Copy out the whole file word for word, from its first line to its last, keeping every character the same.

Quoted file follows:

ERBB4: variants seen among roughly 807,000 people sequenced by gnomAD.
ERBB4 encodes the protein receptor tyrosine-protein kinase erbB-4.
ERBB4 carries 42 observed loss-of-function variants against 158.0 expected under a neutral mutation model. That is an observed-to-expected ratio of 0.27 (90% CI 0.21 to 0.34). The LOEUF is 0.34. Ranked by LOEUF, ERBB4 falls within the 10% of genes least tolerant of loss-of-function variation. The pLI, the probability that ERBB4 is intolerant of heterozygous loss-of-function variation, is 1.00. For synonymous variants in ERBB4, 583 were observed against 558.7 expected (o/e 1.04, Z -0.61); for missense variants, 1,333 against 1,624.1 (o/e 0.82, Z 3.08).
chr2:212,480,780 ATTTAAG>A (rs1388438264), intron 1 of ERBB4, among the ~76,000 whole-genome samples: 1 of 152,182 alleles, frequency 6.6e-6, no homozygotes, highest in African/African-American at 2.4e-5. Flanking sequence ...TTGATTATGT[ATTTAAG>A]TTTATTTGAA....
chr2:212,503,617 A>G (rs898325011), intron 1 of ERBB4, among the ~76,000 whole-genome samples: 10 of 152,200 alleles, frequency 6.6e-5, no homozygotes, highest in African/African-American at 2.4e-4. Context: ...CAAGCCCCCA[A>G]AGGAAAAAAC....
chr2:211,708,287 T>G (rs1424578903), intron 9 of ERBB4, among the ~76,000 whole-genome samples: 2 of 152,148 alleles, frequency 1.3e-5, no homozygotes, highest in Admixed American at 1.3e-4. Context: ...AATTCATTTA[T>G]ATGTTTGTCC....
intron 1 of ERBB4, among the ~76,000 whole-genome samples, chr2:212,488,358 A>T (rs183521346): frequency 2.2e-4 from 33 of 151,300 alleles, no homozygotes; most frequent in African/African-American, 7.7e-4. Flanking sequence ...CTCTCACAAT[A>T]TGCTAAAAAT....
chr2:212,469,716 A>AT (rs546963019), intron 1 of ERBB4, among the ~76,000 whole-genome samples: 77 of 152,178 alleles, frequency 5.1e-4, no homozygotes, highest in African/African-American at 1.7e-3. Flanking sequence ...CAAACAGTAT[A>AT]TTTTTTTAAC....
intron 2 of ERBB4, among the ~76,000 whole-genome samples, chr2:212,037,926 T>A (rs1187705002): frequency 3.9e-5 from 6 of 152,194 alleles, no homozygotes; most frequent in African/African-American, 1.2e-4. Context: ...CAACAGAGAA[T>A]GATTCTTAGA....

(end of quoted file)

ERBB4: variants seen among roughly 807,000 people sequenced by gnomAD.
ERBB4 encodes the protein receptor tyrosine-protein kinase erbB-4.
ERBB4 carries 42 observed loss-of-function variants against 158.0 expected under a neutral mutation model. That is an observed-to-expected ratio of 0.27 (90% CI 0.21 to 0.34). The LOEUF is 0.34. Ranked by LOEUF, ERBB4 falls within the 10% of genes least tolerant of loss-of-function variation. The pLI, the probability that ERBB4 is intolerant of heterozygous loss-of-function variation, is 1.00. For synonymous variants in ERBB4, 583 were observed against 558.7 expected (o/e 1.04, Z -0.61); for missense variants, 1,333 against 1,624.1 (o/e 0.82, Z 3.08).
chr2:212,480,780 ATTTAAG>A (rs1388438264), intron 1 of ERBB4, among the ~76,000 whole-genome samples: 1 of 152,182 alleles, frequency 6.6e-6, no homozygotes, highest in African/African-American at 2.4e-5. Flanking sequence ...TTGATTATGT[ATTTAAG>A]TTTATTTGAA....
chr2:212,503,617 A>G (rs898325011), intron 1 of ERBB4, among the ~76,000 whole-genome samples: 10 of 152,200 alleles, frequency 6.6e-5, no homozygotes, highest in African/African-American at 2.4e-4. Context: ...CAAGCCCCCA[A>G]AGGAAAAAAC....
chr2:211,708,287 T>G (rs1424578903), intron 9 of ERBB4, among the ~76,000 whole-genome samples: 2 of 152,148 alleles, frequency 1.3e-5, no homozygotes, highest in Admixed American at 1.3e-4. Context: ...AATTCATTTA[T>G]ATGTTTGTCC....
intron 1 of ERBB4, among the ~76,000 whole-genome samples, chr2:212,488,358 A>T (rs183521346): frequency 2.2e-4 from 33 of 151,300 alleles, no homozygotes; most frequent in African/African-American, 7.7e-4. Flanking sequence ...CTCTCACAAT[A>T]TGCTAAAAAT....
chr2:212,469,716 A>AT (rs546963019), intron 1 of ERBB4, among the ~76,000 whole-genome samples: 77 of 152,178 alleles, frequency 5.1e-4, no homozygotes, highest in African/African-American at 1.7e-3. Flanking sequence ...CAAACAGTAT[A>AT]TTTTTTTAAC....
intron 2 of ERBB4, among the ~76,000 whole-genome samples, chr2:212,037,926 T>A (rs1187705002): frequency 3.9e-5 from 6 of 152,194 alleles, no homozygotes; most frequent in African/African-American, 1.2e-4. Context: ...CAACAGAGAA[T>A]GATTCTTAGA....